This course will use cultural and social history, writing, music, popular culture studies, psychology and other fields to probe how the blues and its history provides lessons on an America that was and still is, while also offering opportunities for student self-expression and supporting intercultural knowledge and competence.
Tim Nekritz is a communications professional, published historian and amateur (but improving!) musician. By day, he serves as director of news and media in the college’s Office of Communications and Marketing, telling the stories of the SUNY Oswego family. He also has taught in communication studies for 15 years. A former music columnist and promoter, Tim is a voracious blues researcher, working on publishing projects and on differentiating between the two Sonny Boy Williamsons. He plays bass and sings at open mics and a variety of jams. In addition, Tim’s 8-year-old son, Arius, is trying to teach his dad to become a competent gamer.
Mindfulness practices can help re-unite body and mind in the present moment, allowing us to examine connections between our inner experiences (thoughts, feelings) and our physical experiences (restlessness, anxiety, physical sensations, energy, relaxation, sleep), and the world. Everyone has the capacity to cultivate mindfulness and experience life more fully.
In this practice-based course, we will experience various mindfulness practices including yoga and meditation, and investigate the impacts on our awareness, emotions and thoughts. We will explore the ancient roots of yoga in India and look at ways eastern and western practices have co-mingled and influenced one another in modern yoga and meditation practices. We will use these cross cultural explorations to reflect on and examine our own cultural beliefs. Together we will discover the fascination of exploring our interior spaces.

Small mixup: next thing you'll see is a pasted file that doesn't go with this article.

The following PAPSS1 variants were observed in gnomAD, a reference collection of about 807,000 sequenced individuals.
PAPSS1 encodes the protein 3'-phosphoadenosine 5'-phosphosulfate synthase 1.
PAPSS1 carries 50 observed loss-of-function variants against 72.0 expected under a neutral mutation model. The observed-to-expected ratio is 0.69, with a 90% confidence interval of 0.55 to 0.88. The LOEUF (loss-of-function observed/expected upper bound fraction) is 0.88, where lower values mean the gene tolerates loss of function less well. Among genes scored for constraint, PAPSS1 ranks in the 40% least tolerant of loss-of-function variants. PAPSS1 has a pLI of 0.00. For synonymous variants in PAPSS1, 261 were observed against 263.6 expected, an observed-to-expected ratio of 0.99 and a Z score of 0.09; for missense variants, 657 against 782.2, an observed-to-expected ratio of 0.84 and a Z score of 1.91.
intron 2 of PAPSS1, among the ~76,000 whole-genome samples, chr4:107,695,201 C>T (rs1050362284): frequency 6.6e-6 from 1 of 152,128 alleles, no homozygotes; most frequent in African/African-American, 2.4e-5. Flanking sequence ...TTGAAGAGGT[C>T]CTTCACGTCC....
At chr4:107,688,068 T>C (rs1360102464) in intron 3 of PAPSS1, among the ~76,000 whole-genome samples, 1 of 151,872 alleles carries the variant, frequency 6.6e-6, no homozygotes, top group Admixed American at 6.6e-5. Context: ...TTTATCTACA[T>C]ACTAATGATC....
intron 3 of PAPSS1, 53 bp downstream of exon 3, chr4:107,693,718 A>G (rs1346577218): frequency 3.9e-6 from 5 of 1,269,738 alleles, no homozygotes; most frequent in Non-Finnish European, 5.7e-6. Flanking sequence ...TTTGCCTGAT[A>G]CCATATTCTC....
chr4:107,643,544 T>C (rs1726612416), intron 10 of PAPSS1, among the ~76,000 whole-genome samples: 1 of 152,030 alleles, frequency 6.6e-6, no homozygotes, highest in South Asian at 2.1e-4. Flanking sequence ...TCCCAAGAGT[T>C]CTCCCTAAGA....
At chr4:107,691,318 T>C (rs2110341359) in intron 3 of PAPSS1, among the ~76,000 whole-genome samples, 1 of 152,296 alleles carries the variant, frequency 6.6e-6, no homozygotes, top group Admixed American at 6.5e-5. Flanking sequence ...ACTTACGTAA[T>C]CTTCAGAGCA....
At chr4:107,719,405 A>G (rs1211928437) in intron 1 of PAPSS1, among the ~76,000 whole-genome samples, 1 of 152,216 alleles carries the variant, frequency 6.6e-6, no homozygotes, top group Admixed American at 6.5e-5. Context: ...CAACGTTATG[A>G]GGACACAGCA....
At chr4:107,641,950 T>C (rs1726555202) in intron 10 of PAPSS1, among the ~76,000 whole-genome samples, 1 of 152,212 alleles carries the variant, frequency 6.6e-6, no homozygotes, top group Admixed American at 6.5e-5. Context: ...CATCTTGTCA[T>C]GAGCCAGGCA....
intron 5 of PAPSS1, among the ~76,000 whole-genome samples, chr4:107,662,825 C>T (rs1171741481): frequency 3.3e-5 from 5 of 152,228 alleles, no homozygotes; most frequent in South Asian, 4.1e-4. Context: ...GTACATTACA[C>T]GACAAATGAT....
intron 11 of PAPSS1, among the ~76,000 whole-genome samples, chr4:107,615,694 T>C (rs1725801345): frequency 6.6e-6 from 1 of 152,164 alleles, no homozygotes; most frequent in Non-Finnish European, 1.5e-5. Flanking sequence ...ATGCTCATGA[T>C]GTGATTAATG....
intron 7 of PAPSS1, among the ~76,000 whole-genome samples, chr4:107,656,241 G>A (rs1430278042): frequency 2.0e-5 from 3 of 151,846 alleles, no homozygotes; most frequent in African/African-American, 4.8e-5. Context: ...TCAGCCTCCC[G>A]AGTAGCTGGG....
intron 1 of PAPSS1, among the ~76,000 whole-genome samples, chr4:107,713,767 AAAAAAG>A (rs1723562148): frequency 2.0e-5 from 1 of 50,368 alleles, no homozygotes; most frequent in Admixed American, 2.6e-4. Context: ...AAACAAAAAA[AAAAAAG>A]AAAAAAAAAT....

Dr. Beyerbach is an education professor, a certified yoga teacher, and Professional Development School Coordinator for the School of Education. A faculty member in Curriculum and Instruction, she teaches Culturally Relevant Teaching and supervises student teachers. She has visited India to explore the roots of yoga and works with area schools to bring mindfulness practices to teachers and children. She has walked the Camino de Santigo, and has visited and worked with schools in Benin, China, Mexico, Italy, Spain, Portugal, Costa Rica and India. She, Davis and Ramalho most recently published the second edition of the edited volume, Activist Art in Social Justice Pedagogy (Beyerbach, B., Davis R. D , & Ramalho, T., 2017, Peter Lang Publishing).